April 10, 2013 / 4:26 PM / 5 years ago

Cold delays Europe sugar beet sowing, leaves tight growth window

* In France wintry conditions held up field work

* Snow blanketed beet-growing areas in Ukraine

* In Italy, Spain rainfall delayed plantings

By David Brough

LONDON, April 10 (Reuters) - A cold snap has delayed sugar beet sowings in much of Europe, leaving very little margin for error in coming months for the crucial growing cycle.

The slow start to the growing season could curb yields, which have been boosted in recent years by progressively earlier planting dates, although weather conditions over the spring and summer would still have a major bearing on output.

In France, sugar beet plantings are running behind last year’s pace after a late spell of wintry weather held up field work during March.

“The crop potential is not at its maximum but everything will depend on the months ahead,” Alain Jeanroy, director of French sugar beet growers’ group CGB, said.

“We’re about 10 days later than last year but it now depends on the weather and the weather can allow us to catch up.”

The CGB estimates that 85 to 90 percent of sowings have been completed, after field work accelerated from the start of April. The farm ministry said on Tuesday that 36 percent of the area had been sown by April 1.

In Germany, the prolonged winter has delayed sugar beet sowings although there is still time for beets to catch up, said F.O. Licht senior analyst Stefan Uhlenbrock.

“There are delays in German beet sowings, especially in the north. But I do not currently see reason for alarm as in the past we have seen that even late sowings can still produce good sugar yields if there is favourable weather later on,” he said.

The start of sowings in the west and north is more than two weeks late this year and began only in early April.

“However, the late sowings would reduce the leeway that beets have to overcome the impact of any unfavourable crop weather later in the year,” Uhlenbrock said.

Germany, in most seasons the EU’s largest or second largest sugar beet producer, harvested 393,000 hectares of beets in the 2012-13 harvest which has just ended.


In Ukraine, snow blanketed beet-growing areas, delaying the start of plantings that are expected to begin in the next few days, compared with two weeks earlier last year.

Snowfall in late March covered almost all the central, northern and western regions of Ukraine, delaying the start of field work by two to three weeks.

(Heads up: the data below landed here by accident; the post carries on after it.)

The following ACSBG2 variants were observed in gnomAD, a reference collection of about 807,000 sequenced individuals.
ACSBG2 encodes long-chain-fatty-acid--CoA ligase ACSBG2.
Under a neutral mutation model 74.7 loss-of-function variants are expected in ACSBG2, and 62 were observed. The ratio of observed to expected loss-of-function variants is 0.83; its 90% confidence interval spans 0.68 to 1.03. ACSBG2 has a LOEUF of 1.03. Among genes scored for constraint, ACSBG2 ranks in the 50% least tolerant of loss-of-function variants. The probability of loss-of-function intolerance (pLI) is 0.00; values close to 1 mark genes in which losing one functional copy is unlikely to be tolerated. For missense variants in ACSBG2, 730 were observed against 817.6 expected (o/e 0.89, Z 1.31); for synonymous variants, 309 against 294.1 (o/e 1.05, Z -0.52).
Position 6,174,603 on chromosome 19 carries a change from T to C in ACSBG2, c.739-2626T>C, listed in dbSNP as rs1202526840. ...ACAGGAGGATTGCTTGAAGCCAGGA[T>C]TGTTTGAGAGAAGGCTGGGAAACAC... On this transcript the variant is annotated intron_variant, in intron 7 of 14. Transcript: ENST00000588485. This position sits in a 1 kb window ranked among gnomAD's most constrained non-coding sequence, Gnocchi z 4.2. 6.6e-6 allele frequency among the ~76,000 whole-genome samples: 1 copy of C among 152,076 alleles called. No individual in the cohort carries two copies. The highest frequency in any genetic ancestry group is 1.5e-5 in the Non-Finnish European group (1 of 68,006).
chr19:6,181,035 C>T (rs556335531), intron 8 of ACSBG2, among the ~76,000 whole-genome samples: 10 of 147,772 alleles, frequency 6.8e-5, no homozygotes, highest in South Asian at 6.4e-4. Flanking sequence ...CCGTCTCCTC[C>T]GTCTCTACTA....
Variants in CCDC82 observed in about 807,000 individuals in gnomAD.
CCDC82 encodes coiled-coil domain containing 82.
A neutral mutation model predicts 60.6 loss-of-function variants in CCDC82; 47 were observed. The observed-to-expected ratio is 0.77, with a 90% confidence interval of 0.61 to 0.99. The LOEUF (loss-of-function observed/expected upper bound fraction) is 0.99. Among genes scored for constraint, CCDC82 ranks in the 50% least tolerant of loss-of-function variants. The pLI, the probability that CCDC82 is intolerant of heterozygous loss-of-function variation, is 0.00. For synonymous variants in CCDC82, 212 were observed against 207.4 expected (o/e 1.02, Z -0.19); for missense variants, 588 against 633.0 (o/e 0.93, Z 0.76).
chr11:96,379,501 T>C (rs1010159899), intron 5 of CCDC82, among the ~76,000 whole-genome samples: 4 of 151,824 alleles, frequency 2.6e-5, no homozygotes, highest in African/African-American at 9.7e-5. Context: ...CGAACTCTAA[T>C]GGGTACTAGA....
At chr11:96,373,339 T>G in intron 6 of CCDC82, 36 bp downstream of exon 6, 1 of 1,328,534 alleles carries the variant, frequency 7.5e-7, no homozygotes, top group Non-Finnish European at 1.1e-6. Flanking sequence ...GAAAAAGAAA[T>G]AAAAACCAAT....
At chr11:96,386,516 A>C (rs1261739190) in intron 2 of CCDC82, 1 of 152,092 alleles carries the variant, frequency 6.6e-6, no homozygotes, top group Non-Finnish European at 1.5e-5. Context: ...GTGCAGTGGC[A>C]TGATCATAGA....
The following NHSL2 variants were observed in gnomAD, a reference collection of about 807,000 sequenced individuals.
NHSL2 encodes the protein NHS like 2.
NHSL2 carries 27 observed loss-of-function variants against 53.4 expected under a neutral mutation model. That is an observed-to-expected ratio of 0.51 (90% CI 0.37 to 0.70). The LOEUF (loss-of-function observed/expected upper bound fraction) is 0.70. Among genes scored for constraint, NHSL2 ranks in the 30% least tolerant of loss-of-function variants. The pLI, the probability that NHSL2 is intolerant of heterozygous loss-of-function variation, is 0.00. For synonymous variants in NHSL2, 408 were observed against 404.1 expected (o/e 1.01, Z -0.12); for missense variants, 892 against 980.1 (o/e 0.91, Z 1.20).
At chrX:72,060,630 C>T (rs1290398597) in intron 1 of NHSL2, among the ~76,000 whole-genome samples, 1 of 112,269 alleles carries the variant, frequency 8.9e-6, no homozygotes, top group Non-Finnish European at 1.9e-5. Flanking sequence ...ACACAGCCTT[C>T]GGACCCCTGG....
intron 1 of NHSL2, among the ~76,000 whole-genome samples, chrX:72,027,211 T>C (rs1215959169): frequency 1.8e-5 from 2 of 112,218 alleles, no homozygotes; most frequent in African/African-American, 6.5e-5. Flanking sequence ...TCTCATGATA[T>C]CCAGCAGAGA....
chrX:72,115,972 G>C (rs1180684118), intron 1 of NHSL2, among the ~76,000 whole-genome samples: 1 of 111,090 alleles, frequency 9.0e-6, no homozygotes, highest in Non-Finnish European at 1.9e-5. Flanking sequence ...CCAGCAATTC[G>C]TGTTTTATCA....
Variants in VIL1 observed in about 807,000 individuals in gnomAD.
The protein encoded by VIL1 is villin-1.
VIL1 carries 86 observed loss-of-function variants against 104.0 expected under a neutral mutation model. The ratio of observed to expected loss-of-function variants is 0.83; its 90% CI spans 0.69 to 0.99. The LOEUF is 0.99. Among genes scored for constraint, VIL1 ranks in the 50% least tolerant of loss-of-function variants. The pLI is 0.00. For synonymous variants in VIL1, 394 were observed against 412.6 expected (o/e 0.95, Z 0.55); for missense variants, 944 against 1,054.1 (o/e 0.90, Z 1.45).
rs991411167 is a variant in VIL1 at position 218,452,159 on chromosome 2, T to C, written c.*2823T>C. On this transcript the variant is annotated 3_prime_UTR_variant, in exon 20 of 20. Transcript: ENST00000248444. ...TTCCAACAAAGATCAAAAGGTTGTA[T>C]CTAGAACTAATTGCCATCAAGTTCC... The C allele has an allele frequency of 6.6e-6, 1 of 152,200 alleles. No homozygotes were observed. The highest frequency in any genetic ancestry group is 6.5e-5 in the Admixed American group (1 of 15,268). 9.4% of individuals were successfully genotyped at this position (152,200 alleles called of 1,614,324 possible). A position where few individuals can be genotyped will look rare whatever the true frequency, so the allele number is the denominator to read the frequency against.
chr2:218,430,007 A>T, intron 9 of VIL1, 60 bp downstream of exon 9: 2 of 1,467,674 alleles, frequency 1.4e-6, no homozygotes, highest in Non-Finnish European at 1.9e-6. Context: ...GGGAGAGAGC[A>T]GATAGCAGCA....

Ukrainian sugar producers’ union Ukrtsukor said earlier this month that the former Soviet republic was likely to reduce the area under sugar beet by 20-25 percent due to overproduction of white sugar last year.

In Russia, sugar beet sowings were proceeding well despite a late spring. “The late spring did not cause sowing campaign delays thanks to the southern region, where the campaign is ahead of schedule,” said Andrei Bodin, chairman of the Russian Sugar Producers’ Union.

In Poland, the extended winter has delayed sugar beet plantings and there is a threat to yields, said Rafa Strachota, deputy director of Polish sugar beet growers’ association KZPBC.

Polish beet sowings last year started in the third week of March but are now likely to begin around April 15-20, he said.

“The vegetation period lasts 180 days so it may not be possible to harvest beets in September without significant losses due to lower yields,” Strachota said.

But good spring and summer weather could still enable high beet density per hectare and sunny weather in September and October could still increase sugar yields, he added.

In Italy, heavy rainfall in northern growing areas since February and colder than average temperatures had delayed plantings by around 20 days, said Michele Distefano, director general of the National Beet Growers’ Association (ANB).

“The delays are due to cold temperatures and rains,” Distefano said. “If sowings are completed by the end of April, there should not be serious problems for production.”

In Spain, sugar beet sowings were expected to start slightly late, in mid-April. “We are a little delayed compared to previous seasons, due to rain, not the cold,” said Esteban Sanz, agriculture and crop director of sugar producer, ACOR.

In Britain, sowings were proceeding well despite the cold.

“Solid progress has been made with sugar beet drilling in the last two weeks and we estimate progress to date is in line with the five year average,” said a spokesperson for supplier British Sugar, a unit of Associated British Foods.

“It is far too early to comment on crop volume, which will depend entirely on the weather conditions in the forthcoming growing season.”

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